BRAHMO SAMAJ The "Society of Brahma," or the Brahmo Samaj, was founded by Ram Mohan Roy (1772–1833) in Calcutta in 1828. Roy, revered as the father of India's nineteenth-century Hindu Renaissance, a Bengali Brahman by birth, studied English, Latin, and Greek as well as Sanskrit, Persian and Bengali, while employed as a young man in the British East India Company's Revenue Department. He read Vedic Sanskrit, and Western classics in Greek and Latin. A brilliant student of religion, Roy focused first on Hindu texts, several of which he translated into English, and then on mastering Christianity. He considered the monistic equation of every individual's "soul" (atman) with the universe's transcendental "soul" (Brahman), as articulated in Upanishadic Vedanta texts, the apogee of Hindu philosophy, only millennia later "adopted" by Deists and Unitarian Christians. He easily confounded and, in the profundity of his philosophic arguments, defeated every Christian missionary who tried to convert him.
In 1815 Roy started to meet regularly with an elite group of brilliant Bengali friends, who at first simply called their discussion group a "Friendly Association" (Amitya Sabha). Roy had published his first Upanishadic translation that year, an Abridgement of the Vedant, and he discussed with his friends the enlightened wisdom of India's ancient Upanishadic philosophy, rejecting as an "aberration" all later "idol worship" that so "debased" Hinduism as to leave India at the mercy of every Western conqueror, first Muslims who abhorred all images, then European Christians, the wisest among whom adhered to Vedantic monism, focusing as did enlightened Jews and Muslims on the transcendental power of the One God, whose spirit pervaded the universe, and was reflected in every person's soul.
Meetings of the Brahmo Samaj were rarely attended by more than fifty members of that elite Bengali brotherhood, which included the wealthy and singularly creative Tagores as well as the brilliant Sens and remarkable Roys. Their passionate reborn pride in Hindu philosophy and faith, and in the great civilization that had nurtured and sustained it from the dawn of human history, inspired millions of others, including countless Western as well as Indian leaders and thinkers, who long before century's end came to recognize India's unique cultural genius and the wisdom of its greatest ancient seers and yogic sadhus. That Bengali Hindu Renaissance thus launched the intellectual revolution, small in its numbers at first, but most profound in its ultimate impact, inspiring India's nationalist demands for independence as well as several social reform movements by the last decade of the nineteenth century, long after Roy and his bhadralok (intelligentsia) contemporaries had passed on.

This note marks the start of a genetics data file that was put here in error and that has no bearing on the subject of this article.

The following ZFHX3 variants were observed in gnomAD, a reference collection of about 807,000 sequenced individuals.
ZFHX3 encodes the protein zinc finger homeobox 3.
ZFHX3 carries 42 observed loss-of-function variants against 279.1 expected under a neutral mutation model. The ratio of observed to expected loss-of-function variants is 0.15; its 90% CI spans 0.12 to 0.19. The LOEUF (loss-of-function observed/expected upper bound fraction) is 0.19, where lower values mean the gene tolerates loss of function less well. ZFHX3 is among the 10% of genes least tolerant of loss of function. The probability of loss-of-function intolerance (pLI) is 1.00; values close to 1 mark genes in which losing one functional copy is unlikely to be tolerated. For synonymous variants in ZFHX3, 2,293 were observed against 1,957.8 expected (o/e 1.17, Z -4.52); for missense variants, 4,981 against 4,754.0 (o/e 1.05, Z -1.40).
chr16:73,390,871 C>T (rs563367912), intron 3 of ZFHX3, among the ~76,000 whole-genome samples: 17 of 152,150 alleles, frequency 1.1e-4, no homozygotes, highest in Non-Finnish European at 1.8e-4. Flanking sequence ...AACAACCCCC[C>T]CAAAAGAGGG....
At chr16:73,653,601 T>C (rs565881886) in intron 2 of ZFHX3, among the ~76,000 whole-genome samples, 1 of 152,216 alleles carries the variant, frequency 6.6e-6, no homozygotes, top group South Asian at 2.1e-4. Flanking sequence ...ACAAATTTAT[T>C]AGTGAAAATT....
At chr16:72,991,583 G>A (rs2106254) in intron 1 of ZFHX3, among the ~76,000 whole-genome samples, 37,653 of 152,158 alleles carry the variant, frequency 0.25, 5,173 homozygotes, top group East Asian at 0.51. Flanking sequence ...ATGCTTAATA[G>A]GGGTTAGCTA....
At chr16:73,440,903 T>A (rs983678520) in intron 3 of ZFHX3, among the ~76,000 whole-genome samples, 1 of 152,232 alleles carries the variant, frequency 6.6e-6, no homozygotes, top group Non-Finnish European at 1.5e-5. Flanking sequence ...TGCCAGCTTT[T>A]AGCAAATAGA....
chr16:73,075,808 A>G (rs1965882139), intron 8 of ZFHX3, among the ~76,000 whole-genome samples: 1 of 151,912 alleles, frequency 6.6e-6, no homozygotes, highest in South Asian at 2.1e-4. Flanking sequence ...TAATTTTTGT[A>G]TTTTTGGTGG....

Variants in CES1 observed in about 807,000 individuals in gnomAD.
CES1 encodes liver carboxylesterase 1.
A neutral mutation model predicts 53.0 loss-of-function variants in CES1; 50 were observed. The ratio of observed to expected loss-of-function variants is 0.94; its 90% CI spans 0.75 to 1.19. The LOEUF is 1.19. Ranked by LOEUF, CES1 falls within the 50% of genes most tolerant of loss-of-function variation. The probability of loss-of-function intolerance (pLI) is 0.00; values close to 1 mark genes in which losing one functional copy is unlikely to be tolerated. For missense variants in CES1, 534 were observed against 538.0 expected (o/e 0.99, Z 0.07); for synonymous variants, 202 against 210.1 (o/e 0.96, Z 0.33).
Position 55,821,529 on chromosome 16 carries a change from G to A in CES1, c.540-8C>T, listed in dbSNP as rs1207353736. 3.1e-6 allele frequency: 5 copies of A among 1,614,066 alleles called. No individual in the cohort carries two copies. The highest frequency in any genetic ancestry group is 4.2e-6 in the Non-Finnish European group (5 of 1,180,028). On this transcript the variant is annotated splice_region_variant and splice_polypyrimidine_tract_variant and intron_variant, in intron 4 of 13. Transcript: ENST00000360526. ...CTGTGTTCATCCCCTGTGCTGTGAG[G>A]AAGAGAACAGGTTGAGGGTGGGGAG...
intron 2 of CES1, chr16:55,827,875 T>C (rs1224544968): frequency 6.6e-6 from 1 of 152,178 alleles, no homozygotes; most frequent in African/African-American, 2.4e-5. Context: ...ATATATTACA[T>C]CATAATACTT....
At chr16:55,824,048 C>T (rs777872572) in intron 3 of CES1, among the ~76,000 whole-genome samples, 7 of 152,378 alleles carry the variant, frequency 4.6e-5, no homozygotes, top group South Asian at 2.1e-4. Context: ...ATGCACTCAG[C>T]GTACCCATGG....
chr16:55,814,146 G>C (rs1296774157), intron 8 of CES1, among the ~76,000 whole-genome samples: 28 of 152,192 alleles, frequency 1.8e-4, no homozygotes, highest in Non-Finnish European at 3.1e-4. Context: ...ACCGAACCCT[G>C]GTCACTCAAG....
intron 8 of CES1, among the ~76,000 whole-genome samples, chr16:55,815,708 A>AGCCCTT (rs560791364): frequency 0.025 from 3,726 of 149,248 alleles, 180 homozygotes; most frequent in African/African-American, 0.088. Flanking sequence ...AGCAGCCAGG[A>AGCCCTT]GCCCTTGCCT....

See alsoRoy, Ram Mohan
——. The Brahmo Samaj and the Shaping of the Modern Indian Mind. Princeton, N.J.: Princeton University Press, 1979.
Roy, Ram Mohan. A Defense of Hindoo Theism in Reply to the Attack of an Advocate for Idolatry. Calcutta: n.p., 1818.
——. Precepts of Jesus. London: Unitarian Society, 1824.
Sastri, S. The Brahmo Samaj. 2 vols. Calcutta: R. Chatterjee, 1911–1912.
Sen, K. The Brahmo Samaj God-Vision in the Nineteenth Century. Calcutta: Indian Mirror, 1880.
Brahmo Samaj (brä´mō səmäj´) [Hindi,=society of God], Indian religious movement, founded in Kolkata (Calcutta) in 1828 by Rammohun Roy. It promoted a monotheistic, reformed Hinduism with strong Islamic and Christian overtones, support for the rights of women, and opposition to such aspects of Hinduism as idolatry and animal sacrifice. Under Roy the organization attained considerable importance in E India until his death in 1833. After a decade of decline, it was revived by Debendranath Tagore in 1843. A schism divided the organization in 1865, when Keshub Chunder Sen split with Tagore and formed the Adi Brahmo Samaj, and in 1878 Sen's group itself divided. Sen's followers formed a new church, the Nava-Vidhana, while the dissidents founded the Sadharan Brahmo Samaj, which became dominant. The Brahmo Samaj movement had great influence in the 19th cent., but although it still exists, it has had little impact on 20th-century Hinduism.
See P. K. Sen, Biography of a New Faith (2 vol., 1950–54); K. C. Sen, The Voice of Keshub (1963); P. V. Kanal, An Introduction to Dev-Samaj (1965).